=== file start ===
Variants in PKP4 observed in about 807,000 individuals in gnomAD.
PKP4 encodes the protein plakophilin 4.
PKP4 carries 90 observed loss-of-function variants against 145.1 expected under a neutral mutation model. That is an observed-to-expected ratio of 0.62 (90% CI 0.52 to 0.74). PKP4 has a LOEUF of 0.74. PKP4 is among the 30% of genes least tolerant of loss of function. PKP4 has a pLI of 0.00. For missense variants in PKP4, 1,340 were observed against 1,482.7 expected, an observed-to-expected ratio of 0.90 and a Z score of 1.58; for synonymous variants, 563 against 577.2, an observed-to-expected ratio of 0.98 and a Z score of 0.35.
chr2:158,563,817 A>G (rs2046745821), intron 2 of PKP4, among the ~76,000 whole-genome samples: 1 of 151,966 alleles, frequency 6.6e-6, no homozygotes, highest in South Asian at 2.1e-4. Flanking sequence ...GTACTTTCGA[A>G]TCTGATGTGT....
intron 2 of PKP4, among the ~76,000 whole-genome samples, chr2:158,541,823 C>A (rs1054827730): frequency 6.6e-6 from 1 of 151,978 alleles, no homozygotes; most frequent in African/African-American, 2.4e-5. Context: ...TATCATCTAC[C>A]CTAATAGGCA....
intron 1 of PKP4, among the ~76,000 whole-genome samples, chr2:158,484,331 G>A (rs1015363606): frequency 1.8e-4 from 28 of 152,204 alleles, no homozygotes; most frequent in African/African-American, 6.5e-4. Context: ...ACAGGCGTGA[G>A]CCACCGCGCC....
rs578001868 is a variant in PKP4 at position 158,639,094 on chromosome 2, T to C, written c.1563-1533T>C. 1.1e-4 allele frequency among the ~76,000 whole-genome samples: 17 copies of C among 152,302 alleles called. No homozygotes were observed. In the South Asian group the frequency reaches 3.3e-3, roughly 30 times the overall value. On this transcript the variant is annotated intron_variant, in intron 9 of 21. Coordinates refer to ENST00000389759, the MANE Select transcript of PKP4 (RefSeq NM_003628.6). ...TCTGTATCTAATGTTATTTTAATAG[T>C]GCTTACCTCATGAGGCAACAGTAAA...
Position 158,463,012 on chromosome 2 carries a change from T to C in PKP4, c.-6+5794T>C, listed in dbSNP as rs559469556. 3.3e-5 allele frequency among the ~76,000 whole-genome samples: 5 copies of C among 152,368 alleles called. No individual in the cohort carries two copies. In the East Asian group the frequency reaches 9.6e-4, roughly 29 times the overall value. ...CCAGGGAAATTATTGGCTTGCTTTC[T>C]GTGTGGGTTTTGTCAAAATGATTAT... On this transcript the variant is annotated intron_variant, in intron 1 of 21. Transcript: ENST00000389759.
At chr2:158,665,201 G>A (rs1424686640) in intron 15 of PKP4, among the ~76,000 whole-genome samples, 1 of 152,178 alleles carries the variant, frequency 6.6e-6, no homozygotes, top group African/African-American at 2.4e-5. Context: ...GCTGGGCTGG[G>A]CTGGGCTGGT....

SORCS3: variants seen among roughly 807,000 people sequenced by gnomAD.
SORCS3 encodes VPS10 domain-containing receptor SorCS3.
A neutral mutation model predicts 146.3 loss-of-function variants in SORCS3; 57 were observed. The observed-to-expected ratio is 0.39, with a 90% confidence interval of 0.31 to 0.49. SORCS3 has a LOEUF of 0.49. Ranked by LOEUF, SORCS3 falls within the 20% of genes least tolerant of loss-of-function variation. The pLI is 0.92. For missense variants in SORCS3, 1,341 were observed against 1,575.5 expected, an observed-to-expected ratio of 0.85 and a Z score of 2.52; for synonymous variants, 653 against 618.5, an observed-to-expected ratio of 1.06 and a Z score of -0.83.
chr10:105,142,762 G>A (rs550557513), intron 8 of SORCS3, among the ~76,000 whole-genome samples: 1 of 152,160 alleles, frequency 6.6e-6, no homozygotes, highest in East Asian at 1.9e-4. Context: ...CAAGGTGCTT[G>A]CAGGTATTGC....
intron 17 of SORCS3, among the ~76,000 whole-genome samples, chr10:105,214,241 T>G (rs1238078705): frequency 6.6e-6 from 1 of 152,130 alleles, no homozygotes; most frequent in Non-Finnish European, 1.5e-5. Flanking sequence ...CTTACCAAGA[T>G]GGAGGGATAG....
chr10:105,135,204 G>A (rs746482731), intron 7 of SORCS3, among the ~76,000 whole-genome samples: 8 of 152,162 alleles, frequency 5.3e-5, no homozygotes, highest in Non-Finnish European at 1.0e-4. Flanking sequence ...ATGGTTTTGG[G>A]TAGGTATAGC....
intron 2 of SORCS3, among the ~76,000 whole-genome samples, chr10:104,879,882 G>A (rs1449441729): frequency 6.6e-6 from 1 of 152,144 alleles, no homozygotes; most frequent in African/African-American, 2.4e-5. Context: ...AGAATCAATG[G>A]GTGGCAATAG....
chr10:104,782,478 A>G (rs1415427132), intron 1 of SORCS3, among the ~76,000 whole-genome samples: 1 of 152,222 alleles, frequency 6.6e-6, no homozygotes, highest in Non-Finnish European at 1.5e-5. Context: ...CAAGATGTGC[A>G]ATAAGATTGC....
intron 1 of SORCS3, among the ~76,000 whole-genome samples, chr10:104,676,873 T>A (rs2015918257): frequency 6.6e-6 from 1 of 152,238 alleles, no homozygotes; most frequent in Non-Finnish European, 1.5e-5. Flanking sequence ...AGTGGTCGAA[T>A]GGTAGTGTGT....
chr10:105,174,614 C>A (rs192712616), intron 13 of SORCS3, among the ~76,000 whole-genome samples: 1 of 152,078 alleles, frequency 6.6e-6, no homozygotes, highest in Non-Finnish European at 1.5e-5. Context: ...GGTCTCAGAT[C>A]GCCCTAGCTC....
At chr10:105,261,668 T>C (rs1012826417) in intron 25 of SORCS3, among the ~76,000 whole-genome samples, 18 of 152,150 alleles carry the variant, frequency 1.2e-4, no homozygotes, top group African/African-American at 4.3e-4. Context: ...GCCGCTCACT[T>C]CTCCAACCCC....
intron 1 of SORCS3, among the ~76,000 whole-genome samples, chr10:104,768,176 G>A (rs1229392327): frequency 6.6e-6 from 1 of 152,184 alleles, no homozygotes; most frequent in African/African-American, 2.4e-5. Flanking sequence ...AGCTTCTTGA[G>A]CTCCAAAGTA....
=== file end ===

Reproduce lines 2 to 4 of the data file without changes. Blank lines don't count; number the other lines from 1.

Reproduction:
PKP4 encodes the protein plakophilin 4.
PKP4 carries 90 observed loss-of-function variants against 145.1 expected under a neutral mutation model. That is an observed-to-expected ratio of 0.62 (90% CI 0.52 to 0.74). PKP4 has a LOEUF of 0.74. PKP4 is among the 30% of genes least tolerant of loss of function. PKP4 has a pLI of 0.00. For missense variants in PKP4, 1,340 were observed against 1,482.7 expected, an observed-to-expected ratio of 0.90 and a Z score of 1.58; for synonymous variants, 563 against 577.2, an observed-to-expected ratio of 0.98 and a Z score of 0.35.
chr2:158,563,817 A>G (rs2046745821), intron 2 of PKP4, among the ~76,000 whole-genome samples: 1 of 151,966 alleles, frequency 6.6e-6, no homozygotes, highest in South Asian at 2.1e-4. Flanking sequence ...GTACTTTCGA[A>G]TCTGATGTGT....